Top 4 Tips On Cross Handed Putting Style
Cross Handed putting was first used as a band aid when top performing players had putting woes. Cross Handed or Left Hand Low technique (Right Hand Low for left handed golfers) is now being recommended to junior golfers when they start playing the game.
Two Time Major Winner Jordan Spieth began playing with the Cross Handed technique and is now one of the most proficient putters in golf. Bernhard Langer struggled with his putting so much in the early 90’s that he went Cross Handed and it kept his game relevant before switching to a long putter later in his career. As Vijay Singh overtook Tiger Woods as World #1 in the mid 2000’s, his reputation as a putter was mediocre at best. He worked harder on his game than anyone else, but it was switching to a combination of Cross Handed and a belly putter that truly made him a force at every event. Justin Thomas, Sergio Garcia and Rickie Fowler have all seen success in recent years while putting cross handed.
The main reason many golfers switch or ponder switching to Cross Handed is for a couple reasons. First, they tend to have too much right hand influence (left hand for left handed golfers) in the putting stroke causing inconsistent distance control. Second, their left wrist (right wrist for left handed golfers) breaks down at impact causing the putter face to close and miss short putts regularly. Another reason an individual may switch is because they have open shoulders at address and this causes a slight out to in path. Evidently, this gets worse under pressure. The Cross Handed technique naturally squares up the shoulders and keeps the putter moving straight down the target line.
The following tips will help you become a better putter while utilizing the Cross Handed Putting Style.
Gripping it Cross Handed is quite simple. For a regulation putter with a regulation size grip, you would have your right hand on the very top of the club (left hand for left handed golfers). You would then place your left hand below leaving no space between the left pinky and right forefinger. In some cases, players prefer to overlap the right forefinger over the left fingers. When it comes to taking your grip, it’s all about comfort. It is recommended to do some trial and error and find the most comfortable way to have your hands and fingers on the club. If you still feel that your right hand (left hand for left handed golfers) is still too dominant, try double overlapping with your forefinger and middle finger. This will be an eight finger grip that leaves your lead hand in control. Basically, when it comes to putting, there’s no wrong way or right way to grip it as long as the ball keeps going in the hole and you’re comfortable doing it.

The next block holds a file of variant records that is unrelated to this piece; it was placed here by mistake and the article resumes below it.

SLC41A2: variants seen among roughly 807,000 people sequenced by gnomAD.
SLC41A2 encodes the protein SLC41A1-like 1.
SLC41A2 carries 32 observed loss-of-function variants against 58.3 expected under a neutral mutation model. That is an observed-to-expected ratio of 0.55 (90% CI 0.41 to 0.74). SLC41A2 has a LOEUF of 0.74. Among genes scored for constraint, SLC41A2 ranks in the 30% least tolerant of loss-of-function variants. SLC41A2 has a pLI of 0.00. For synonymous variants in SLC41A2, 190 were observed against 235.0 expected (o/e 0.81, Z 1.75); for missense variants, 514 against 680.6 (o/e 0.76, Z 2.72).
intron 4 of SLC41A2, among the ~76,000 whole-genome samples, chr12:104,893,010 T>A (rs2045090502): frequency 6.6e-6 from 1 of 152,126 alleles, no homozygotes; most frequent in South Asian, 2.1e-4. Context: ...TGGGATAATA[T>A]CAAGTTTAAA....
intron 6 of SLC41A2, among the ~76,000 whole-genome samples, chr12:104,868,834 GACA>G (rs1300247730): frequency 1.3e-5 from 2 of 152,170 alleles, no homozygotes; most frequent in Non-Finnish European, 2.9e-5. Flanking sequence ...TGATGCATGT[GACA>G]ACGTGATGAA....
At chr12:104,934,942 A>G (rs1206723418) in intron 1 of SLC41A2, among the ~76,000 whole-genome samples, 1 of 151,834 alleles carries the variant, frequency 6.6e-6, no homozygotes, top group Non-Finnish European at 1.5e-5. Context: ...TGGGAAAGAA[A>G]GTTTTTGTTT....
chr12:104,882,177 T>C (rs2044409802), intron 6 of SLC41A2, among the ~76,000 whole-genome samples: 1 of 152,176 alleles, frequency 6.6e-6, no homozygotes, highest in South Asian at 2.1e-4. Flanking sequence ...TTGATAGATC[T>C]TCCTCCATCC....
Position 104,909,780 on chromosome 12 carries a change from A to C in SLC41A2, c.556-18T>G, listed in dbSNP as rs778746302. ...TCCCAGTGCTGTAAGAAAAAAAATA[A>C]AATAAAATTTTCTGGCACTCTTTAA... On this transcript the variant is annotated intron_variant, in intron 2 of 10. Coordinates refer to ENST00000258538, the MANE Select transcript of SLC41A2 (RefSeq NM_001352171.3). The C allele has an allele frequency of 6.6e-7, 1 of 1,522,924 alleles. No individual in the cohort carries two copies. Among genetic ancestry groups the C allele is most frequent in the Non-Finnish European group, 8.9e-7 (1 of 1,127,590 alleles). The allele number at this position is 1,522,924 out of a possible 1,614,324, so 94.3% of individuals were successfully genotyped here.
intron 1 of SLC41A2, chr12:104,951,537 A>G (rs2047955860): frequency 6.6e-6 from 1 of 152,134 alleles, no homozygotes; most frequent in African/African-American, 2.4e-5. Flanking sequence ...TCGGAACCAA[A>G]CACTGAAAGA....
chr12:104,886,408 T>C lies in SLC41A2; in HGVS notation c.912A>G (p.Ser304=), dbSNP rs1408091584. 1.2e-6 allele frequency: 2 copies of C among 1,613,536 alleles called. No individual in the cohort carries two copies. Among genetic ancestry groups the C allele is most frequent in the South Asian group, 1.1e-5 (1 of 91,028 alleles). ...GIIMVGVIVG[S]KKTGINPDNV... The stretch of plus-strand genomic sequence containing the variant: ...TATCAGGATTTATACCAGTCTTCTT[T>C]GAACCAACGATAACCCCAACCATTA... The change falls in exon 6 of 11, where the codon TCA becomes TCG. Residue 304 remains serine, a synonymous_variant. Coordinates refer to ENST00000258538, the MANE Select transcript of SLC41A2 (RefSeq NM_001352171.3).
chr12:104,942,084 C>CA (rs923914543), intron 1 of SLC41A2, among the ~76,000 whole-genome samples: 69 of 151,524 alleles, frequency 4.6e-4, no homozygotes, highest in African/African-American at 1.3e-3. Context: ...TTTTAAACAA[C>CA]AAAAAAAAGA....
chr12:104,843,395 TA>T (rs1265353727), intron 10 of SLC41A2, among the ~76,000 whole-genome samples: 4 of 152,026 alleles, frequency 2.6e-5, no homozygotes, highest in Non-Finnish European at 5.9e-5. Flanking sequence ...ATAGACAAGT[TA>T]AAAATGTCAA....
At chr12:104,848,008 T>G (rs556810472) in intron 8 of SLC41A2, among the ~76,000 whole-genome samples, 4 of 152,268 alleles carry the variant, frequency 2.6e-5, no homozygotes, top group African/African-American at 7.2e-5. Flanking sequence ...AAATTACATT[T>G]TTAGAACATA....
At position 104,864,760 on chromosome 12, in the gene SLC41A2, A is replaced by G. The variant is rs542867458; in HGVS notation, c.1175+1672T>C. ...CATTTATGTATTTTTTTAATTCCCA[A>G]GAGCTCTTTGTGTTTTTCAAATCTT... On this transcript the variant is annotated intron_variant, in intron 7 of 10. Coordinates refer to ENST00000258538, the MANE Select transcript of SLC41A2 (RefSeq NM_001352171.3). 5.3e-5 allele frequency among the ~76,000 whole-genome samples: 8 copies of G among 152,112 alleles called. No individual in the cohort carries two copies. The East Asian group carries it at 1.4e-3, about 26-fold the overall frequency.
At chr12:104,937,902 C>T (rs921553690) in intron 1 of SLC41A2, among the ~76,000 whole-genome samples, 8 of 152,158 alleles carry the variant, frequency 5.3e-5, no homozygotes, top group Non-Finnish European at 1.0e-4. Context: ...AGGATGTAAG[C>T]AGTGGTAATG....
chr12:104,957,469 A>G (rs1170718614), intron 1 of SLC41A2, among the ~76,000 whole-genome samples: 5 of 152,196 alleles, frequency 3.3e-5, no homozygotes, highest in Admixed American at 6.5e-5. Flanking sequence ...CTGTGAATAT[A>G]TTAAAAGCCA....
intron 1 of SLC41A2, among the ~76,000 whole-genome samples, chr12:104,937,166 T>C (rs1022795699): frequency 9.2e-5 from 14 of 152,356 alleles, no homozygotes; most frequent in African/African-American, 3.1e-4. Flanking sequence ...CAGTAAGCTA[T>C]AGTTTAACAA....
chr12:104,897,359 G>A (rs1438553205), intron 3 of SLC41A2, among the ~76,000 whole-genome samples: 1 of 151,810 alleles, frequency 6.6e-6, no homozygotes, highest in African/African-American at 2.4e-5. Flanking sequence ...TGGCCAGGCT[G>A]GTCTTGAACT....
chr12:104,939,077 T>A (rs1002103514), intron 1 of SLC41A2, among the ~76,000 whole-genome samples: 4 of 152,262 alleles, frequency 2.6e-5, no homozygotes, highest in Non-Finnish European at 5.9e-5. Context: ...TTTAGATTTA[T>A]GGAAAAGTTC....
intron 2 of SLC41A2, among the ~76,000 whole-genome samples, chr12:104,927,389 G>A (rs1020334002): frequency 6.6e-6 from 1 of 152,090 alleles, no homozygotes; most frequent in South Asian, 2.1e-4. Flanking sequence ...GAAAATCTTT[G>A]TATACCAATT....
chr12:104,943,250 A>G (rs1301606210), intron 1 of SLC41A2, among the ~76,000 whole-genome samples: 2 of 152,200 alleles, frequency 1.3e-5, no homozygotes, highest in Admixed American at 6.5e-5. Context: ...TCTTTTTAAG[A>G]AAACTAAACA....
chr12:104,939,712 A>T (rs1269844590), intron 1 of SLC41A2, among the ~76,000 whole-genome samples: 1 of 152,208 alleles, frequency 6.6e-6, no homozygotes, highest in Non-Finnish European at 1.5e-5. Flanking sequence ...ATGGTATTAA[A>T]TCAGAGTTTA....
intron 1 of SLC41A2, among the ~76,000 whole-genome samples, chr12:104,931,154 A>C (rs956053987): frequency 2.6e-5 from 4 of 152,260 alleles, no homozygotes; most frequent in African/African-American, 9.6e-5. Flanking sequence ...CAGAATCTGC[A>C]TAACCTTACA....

One of the major benefits to the Cross Handed grip is that it naturally drops your left shoulder (right shoulder for left handed golfers) creating a very square shoulder alignment. Since this occurs it’s very important to have all your lines parallel to one another. Therefore, your shoulders, hips, knees and feet should all be parallel to the target line. When putting Cross Handed, alignment becomes very important because you create a straight back and straight through putting stroke. This keeps your putter face square to the target line longer meaning there’s very little room for error when it comes to aim.
Many golfers have a common flaw in their putting strokes where the left wrist breaks down (right wrist for left handed golfers). When putting Cross Handed this flaw will be decreased dramatically. If a player switches to Cross Hand, it’s important to have the back of the low hand move down the target line after impact. To practice this, find a six foot putt that’s relatively straight and drop an alignment stick down just above your putter. Make sure the putter head keeps moving down the line through impact. A major thing to keep an eye on is to make sure the toe of the putter never gets ahead of the heel. This means the putter has remained square through impact.
Like anything new, when you switch to Cross Handed it will feel awkward. One way to relieve this discomfort is to practice with just your left hand on the club (right hand for left handed golfers). Take ten minutes and practice putting from varying distances. Start at three feet and move back in three foot increments taking two minutes at each level. Once ten minutes is up, repeat with both hands on the club. Once twenty minutes is complete, you should begin to feel more comfortable while putting Cross Handed.